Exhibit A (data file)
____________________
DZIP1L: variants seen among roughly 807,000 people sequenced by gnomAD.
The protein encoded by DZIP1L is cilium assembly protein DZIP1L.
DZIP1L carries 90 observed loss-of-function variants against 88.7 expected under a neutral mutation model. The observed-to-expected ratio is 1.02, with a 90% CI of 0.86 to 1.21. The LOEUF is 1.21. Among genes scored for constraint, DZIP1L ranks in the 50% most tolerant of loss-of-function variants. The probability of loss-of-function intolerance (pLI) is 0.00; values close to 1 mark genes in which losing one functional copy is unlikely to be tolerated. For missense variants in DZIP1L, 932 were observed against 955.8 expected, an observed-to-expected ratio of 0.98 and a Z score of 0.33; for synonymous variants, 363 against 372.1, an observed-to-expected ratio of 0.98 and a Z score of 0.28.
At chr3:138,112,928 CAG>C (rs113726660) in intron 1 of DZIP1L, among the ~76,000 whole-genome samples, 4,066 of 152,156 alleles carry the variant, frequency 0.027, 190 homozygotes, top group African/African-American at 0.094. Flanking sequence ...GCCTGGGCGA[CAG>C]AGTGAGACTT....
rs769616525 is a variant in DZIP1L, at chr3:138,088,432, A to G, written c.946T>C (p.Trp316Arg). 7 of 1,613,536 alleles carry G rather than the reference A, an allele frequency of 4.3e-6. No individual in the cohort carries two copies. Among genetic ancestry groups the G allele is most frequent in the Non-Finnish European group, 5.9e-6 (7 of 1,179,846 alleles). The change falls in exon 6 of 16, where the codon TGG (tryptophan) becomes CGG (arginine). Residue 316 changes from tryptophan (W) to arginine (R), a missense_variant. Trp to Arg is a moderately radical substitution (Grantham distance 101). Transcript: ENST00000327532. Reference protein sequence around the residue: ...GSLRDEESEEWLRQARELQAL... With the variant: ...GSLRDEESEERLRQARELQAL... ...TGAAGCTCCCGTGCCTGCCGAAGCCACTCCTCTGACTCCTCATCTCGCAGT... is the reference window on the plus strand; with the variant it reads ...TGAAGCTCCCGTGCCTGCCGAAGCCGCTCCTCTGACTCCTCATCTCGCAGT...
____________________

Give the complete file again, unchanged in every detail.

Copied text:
DZIP1L: variants seen among roughly 807,000 people sequenced by gnomAD.
The protein encoded by DZIP1L is cilium assembly protein DZIP1L.
DZIP1L carries 90 observed loss-of-function variants against 88.7 expected under a neutral mutation model. The observed-to-expected ratio is 1.02, with a 90% CI of 0.86 to 1.21. The LOEUF is 1.21. Among genes scored for constraint, DZIP1L ranks in the 50% most tolerant of loss-of-function variants. The probability of loss-of-function intolerance (pLI) is 0.00; values close to 1 mark genes in which losing one functional copy is unlikely to be tolerated. For missense variants in DZIP1L, 932 were observed against 955.8 expected, an observed-to-expected ratio of 0.98 and a Z score of 0.33; for synonymous variants, 363 against 372.1, an observed-to-expected ratio of 0.98 and a Z score of 0.28.
At chr3:138,112,928 CAG>C (rs113726660) in intron 1 of DZIP1L, among the ~76,000 whole-genome samples, 4,066 of 152,156 alleles carry the variant, frequency 0.027, 190 homozygotes, top group African/African-American at 0.094. Flanking sequence ...GCCTGGGCGA[CAG>C]AGTGAGACTT....
rs769616525 is a variant in DZIP1L, at chr3:138,088,432, A to G, written c.946T>C (p.Trp316Arg). 7 of 1,613,536 alleles carry G rather than the reference A, an allele frequency of 4.3e-6. No individual in the cohort carries two copies. Among genetic ancestry groups the G allele is most frequent in the Non-Finnish European group, 5.9e-6 (7 of 1,179,846 alleles). The change falls in exon 6 of 16, where the codon TGG (tryptophan) becomes CGG (arginine). Residue 316 changes from tryptophan (W) to arginine (R), a missense_variant. Trp to Arg is a moderately radical substitution (Grantham distance 101). Transcript: ENST00000327532. Reference protein sequence around the residue: ...GSLRDEESEEWLRQARELQAL... With the variant: ...GSLRDEESEERLRQARELQAL... ...TGAAGCTCCCGTGCCTGCCGAAGCCACTCCTCTGACTCCTCATCTCGCAGT... is the reference window on the plus strand; with the variant it reads ...TGAAGCTCCCGTGCCTGCCGAAGCCGCTCCTCTGACTCCTCATCTCGCAGT...